Brandon Nimmo of the Mets strikes out in the ninth inning...

Brandon Nimmo of the Mets strikes out in the ninth inning against the Los Angeles Dodgers in the second game of a doubleheader at Citi Field on Tuesday, May 28, 2024. Credit: Jim McIsaac

Brandon Nimmo is as happy a Mets player as you will find, his off-field demeanor exactly matching that sprint-to-first-after-a-walk energy you see during games. He is cheerful, he is upbeat, he is positive even when others find it difficult to be that way.

But when it comes to this slump, one of the worst of his life, he won’t pretend. He does not have answers.

“It’s terrible,” he said on Friday afternoon before the Mets opened a three-game series against the Padres. “I don’t know. I’m trying to figure it out.”

Nimmo’s .215 average entering the weekend was the worst of his career. His .339 OBP and .369 slugging percentage were almost the worst, ahead of only 2016, when he first dabbled as a part-timer in the majors.

It’s even uglier during the past month-plus. Remember when he came off the bench to blast a walk-off home run against Atlanta on “Sunday Night Baseball” on May 12? Since then, he has an awfully un-Nimmo-like .188/.278/.281 slash line.

“Swinging and missing more than I’ve ever [done] in my career,” he said. “Throwing paint against the wall to see what sticks. It’s a process sometimes, it doesn’t just show up overnight. It’s frustrating. It’s really frustrating. It’s weird that after eight years you can still be experiencing new things. But it’s just the way baseball is.”

The short version of what ails Nimmo is: He doesn’t really know. It has something to do with the timing of his swing.


The long version is, well, long — and incomplete.

Nimmo pointed to a series of unfortunate events in mid-to- late May, from becoming violently ill (May 16) to getting hit in the head by a pitch (May 24) to minor shoulder and hand soreness. He couldn’t pinpoint any of those as an explanation or source of his problems. Maybe combined they did something? Possibly?

“It’s kind of weird how it all started,” Nimmo said. “You can have a start point from when I got sick to really, really good before and not great after. Just had a few things snowball. I don’t know if I developed bad habits where I got sick, then my shoulder was bothering me a little bit — not to the point of being out of games, but maybe to the point of maybe altering the swing a little bit. Then my hand started bothering me a little bit.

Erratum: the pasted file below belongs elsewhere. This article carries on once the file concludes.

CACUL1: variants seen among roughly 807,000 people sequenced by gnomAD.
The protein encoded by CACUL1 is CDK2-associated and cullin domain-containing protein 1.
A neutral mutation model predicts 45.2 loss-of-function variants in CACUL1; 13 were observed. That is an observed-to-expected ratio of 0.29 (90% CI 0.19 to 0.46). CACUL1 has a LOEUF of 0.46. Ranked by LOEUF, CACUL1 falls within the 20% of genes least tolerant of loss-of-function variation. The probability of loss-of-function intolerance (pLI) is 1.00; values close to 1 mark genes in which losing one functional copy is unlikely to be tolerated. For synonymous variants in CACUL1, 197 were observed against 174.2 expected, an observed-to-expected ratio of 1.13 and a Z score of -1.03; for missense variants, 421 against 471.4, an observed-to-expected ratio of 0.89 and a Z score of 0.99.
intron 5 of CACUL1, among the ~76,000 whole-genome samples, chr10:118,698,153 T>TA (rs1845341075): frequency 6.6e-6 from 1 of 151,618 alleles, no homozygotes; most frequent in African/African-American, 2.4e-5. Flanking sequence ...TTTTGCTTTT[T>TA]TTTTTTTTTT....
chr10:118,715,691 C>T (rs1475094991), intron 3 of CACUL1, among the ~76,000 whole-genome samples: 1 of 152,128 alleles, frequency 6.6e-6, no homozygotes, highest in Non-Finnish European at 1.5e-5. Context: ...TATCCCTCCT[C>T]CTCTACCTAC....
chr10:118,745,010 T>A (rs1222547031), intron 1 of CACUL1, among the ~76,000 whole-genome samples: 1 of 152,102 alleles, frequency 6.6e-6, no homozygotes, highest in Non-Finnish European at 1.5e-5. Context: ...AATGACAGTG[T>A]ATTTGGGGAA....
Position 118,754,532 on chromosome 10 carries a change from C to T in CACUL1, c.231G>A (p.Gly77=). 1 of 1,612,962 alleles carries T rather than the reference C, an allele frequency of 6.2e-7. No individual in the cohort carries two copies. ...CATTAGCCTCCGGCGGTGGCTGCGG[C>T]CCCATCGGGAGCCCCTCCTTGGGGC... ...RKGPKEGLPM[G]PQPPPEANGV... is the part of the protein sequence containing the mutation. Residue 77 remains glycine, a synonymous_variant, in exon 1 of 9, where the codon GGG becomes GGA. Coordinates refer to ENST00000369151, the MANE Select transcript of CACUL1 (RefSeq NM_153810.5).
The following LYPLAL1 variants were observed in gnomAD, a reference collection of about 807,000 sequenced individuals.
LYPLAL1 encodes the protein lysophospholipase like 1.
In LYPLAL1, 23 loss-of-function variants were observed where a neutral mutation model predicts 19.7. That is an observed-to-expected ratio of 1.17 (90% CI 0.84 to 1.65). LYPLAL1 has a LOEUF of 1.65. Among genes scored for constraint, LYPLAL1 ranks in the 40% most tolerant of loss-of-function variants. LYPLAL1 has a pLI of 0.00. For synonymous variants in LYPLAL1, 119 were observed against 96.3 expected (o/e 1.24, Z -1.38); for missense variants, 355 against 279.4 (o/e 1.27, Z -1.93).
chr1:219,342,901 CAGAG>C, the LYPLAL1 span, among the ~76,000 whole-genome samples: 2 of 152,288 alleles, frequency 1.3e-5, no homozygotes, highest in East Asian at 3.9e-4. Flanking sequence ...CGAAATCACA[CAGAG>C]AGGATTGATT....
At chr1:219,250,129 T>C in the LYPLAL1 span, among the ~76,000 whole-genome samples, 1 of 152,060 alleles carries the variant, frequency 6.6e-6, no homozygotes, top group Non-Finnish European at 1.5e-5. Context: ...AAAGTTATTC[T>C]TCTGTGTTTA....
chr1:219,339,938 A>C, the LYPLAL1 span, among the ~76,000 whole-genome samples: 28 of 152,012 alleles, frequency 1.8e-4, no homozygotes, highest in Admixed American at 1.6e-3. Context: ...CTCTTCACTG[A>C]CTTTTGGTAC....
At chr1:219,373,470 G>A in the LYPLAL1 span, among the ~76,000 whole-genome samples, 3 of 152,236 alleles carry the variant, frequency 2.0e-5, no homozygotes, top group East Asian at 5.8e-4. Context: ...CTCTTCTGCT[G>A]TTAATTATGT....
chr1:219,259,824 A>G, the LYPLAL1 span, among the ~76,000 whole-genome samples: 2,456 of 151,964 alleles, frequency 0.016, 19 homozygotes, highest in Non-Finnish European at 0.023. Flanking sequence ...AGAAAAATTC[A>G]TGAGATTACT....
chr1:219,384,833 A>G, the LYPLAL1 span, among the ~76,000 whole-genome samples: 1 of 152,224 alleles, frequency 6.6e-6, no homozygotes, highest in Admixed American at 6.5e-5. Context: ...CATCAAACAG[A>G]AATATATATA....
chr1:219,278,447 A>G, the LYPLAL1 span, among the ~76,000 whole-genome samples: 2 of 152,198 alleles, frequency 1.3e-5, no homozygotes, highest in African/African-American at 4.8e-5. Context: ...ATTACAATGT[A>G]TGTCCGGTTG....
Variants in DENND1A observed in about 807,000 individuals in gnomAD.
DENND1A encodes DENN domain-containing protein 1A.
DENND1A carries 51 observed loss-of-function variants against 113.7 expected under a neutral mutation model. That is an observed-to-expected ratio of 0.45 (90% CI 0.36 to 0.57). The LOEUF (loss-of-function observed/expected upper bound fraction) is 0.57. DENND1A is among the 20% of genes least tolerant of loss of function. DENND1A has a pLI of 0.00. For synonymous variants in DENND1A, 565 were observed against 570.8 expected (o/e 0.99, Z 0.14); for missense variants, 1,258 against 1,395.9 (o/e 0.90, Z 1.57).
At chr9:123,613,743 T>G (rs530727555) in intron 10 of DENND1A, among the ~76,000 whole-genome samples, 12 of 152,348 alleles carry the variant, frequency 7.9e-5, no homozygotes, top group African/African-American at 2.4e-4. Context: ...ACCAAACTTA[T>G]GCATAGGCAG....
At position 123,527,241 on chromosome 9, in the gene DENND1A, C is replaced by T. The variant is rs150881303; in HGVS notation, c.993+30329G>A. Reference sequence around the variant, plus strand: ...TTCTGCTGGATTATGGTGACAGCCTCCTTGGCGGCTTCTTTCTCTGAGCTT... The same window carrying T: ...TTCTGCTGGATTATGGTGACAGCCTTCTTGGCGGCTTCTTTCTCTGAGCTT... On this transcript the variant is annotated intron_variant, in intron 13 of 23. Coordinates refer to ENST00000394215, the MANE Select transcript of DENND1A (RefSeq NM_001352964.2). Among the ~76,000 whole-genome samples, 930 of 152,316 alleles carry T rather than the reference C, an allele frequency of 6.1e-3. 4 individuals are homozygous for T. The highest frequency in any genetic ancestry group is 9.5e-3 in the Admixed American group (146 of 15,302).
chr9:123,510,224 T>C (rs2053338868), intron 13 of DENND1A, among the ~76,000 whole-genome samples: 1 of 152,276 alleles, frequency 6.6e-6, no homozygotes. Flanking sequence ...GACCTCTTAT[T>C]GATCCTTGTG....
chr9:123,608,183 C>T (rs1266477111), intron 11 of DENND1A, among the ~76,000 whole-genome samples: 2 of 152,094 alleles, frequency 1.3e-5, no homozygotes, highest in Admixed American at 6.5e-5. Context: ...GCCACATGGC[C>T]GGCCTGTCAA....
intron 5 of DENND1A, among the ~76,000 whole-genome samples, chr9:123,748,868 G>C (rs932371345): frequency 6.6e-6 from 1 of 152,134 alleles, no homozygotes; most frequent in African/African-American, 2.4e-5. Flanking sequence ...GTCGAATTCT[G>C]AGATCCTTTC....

“So then you’re like, OK, did I make — subconsciously — too much of little adjustments that now have snowballed into bigger things? Then getting hit in the head, but I checked out well on all the tests and I feel fine. I’m not trying to use any of that for an excuse. And now it’s just like, OK, so where did we go wrong? How do I fix that?”

Nimmo is more of a science-of-hitting guy than art-of-hitting, diving into the video and data the Mets record of batters on the field and in their batting cage — most of which seem fine in his case, he said. He has deduced that timing is his primary issue, which leads to lots of whiffs and ground balls, two bad outcomes. But solving that issue is not easy.

Take his double-play grounder in the first inning Thursday as an example. He said if he had connected with the ball “one more frame” — frames on the video — earlier than he did, it would have been a line drive.

“What we’re trying to fix is, OK, there must be some little fat in the swing or little hesitation in what I’m seeing or whatever it may be that is making me [ever-so-slightly late],” he said. “We’re talking probably one or two frames, which is probably less than tenths of a second. But that’s the difference in being a good hitter and not being a good hitter.”

Manager Carlos Mendoza said: “It comes down to the timing. This is something that he knows, he’s aware and he’s working on it . . . When he’s on time, he’s a pretty special hitter. Right now, he’s off.”

Mendoza also said “he’ll get through it” and has provided the action to back up those words, sticking with Nimmo in the top third of the lineup. He has bounced from leadoff to third to, in recent days, second.

“I’m working at it,” Nimmo said. “But, yeah, it’s bad.”


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